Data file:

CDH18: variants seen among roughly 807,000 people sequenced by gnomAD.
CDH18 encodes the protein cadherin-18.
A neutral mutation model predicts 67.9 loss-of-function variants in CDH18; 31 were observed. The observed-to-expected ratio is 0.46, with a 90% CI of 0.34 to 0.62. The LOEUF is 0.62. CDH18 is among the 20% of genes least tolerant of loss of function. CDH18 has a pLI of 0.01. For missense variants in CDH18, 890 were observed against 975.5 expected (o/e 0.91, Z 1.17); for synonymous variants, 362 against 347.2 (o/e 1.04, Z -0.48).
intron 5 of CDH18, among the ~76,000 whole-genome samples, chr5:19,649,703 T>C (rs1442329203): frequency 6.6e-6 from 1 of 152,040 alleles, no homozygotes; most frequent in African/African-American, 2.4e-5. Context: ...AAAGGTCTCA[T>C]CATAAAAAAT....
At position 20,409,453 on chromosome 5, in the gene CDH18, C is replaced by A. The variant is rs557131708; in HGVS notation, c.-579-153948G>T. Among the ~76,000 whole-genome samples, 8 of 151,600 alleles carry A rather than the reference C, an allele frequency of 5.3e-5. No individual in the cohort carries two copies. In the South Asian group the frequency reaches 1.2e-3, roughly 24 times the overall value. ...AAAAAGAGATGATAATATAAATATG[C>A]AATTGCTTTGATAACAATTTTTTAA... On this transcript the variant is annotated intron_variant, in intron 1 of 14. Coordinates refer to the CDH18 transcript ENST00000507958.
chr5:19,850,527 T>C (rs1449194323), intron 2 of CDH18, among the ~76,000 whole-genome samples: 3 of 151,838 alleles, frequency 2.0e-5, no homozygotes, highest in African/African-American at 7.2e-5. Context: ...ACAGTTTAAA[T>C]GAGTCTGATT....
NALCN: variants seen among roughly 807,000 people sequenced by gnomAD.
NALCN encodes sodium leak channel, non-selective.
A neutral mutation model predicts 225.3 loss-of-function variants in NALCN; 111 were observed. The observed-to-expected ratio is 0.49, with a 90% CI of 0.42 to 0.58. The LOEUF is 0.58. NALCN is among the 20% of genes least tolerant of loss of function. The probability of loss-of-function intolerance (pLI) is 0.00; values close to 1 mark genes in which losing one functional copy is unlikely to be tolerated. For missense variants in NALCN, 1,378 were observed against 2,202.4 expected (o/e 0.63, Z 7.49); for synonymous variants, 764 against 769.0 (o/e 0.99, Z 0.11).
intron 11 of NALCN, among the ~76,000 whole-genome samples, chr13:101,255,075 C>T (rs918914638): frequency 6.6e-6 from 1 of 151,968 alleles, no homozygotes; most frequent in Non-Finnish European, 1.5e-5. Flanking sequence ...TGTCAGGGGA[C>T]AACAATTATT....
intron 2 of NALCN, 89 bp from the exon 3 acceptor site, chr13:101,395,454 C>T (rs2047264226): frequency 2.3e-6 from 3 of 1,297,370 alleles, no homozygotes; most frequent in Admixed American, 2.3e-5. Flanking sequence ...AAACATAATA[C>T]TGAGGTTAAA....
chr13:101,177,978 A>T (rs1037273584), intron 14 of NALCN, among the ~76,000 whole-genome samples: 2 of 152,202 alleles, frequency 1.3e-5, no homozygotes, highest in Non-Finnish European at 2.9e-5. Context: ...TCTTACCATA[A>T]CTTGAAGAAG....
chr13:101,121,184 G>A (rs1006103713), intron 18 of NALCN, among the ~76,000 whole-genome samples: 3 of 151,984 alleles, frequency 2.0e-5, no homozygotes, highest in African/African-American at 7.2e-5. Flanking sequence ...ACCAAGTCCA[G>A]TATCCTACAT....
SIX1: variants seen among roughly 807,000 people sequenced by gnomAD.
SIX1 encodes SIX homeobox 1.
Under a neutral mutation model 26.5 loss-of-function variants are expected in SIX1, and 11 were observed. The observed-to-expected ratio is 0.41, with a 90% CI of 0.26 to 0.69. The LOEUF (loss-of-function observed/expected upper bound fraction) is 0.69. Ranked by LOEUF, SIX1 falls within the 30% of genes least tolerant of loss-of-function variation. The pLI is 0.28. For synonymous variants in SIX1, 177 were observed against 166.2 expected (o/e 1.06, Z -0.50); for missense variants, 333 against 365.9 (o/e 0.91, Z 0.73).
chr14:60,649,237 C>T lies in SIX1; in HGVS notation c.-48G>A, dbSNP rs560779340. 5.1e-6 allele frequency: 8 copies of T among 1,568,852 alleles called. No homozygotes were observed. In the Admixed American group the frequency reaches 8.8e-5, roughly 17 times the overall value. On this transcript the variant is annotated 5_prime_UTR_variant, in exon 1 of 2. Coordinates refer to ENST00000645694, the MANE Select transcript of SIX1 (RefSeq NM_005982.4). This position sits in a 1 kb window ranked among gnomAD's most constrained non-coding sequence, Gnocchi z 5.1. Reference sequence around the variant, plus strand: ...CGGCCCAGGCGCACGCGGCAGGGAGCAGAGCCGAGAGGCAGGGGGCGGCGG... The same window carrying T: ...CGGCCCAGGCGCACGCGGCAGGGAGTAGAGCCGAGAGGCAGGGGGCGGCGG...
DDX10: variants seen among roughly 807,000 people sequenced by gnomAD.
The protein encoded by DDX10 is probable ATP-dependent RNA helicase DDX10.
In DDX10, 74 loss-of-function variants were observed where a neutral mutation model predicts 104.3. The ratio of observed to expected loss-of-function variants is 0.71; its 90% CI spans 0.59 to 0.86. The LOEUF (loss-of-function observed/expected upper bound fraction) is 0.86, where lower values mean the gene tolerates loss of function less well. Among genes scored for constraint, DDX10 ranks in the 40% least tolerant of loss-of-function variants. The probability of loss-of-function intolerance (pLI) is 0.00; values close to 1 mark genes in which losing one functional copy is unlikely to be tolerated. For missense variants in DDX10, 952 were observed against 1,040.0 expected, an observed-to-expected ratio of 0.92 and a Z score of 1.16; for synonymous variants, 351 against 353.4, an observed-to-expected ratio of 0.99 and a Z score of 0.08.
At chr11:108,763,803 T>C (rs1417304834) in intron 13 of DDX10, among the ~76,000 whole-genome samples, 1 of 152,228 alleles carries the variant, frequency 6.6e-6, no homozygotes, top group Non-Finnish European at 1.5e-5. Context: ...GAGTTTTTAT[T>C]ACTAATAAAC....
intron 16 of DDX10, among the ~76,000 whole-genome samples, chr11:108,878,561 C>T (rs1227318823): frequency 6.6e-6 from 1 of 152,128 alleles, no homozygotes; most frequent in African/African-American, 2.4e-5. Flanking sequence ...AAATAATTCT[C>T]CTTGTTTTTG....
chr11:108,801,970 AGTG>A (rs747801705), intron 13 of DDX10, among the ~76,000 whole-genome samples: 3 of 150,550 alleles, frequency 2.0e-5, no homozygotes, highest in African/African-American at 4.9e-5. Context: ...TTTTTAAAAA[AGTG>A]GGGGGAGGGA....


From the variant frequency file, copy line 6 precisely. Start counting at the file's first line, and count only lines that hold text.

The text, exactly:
chr5:19,850,527 T>C (rs1449194323), intron 2 of CDH18, among the ~76,000 whole-genome samples: 3 of 151,838 alleles, frequency 2.0e-5, no homozygotes, highest in African/African-American at 7.2e-5. Context: ...ACAGTTTAAA[T>C]GAGTCTGATT....